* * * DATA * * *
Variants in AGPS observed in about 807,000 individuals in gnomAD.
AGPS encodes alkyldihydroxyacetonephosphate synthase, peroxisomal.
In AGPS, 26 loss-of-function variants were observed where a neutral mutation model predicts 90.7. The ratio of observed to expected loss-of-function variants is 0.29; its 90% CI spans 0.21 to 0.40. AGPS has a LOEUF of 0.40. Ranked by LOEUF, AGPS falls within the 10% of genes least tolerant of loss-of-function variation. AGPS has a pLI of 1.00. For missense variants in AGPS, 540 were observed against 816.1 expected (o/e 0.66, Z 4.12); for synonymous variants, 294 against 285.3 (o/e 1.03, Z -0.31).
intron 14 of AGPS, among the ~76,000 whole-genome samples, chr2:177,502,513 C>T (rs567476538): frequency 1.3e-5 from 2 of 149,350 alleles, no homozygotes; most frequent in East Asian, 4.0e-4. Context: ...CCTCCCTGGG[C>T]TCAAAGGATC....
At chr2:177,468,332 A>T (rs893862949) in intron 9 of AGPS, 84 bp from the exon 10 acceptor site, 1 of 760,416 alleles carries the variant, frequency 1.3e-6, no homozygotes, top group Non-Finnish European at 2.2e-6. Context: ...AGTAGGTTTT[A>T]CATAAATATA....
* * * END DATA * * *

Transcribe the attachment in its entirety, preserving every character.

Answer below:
Variants in AGPS observed in about 807,000 individuals in gnomAD.
AGPS encodes alkyldihydroxyacetonephosphate synthase, peroxisomal.
In AGPS, 26 loss-of-function variants were observed where a neutral mutation model predicts 90.7. The ratio of observed to expected loss-of-function variants is 0.29; its 90% CI spans 0.21 to 0.40. AGPS has a LOEUF of 0.40. Ranked by LOEUF, AGPS falls within the 10% of genes least tolerant of loss-of-function variation. AGPS has a pLI of 1.00. For missense variants in AGPS, 540 were observed against 816.1 expected (o/e 0.66, Z 4.12); for synonymous variants, 294 against 285.3 (o/e 1.03, Z -0.31).
intron 14 of AGPS, among the ~76,000 whole-genome samples, chr2:177,502,513 C>T (rs567476538): frequency 1.3e-5 from 2 of 149,350 alleles, no homozygotes; most frequent in East Asian, 4.0e-4. Context: ...CCTCCCTGGG[C>T]TCAAAGGATC....
At chr2:177,468,332 A>T (rs893862949) in intron 9 of AGPS, 84 bp from the exon 10 acceptor site, 1 of 760,416 alleles carries the variant, frequency 1.3e-6, no homozygotes, top group Non-Finnish European at 2.2e-6. Context: ...AGTAGGTTTT[A>T]CATAAATATA....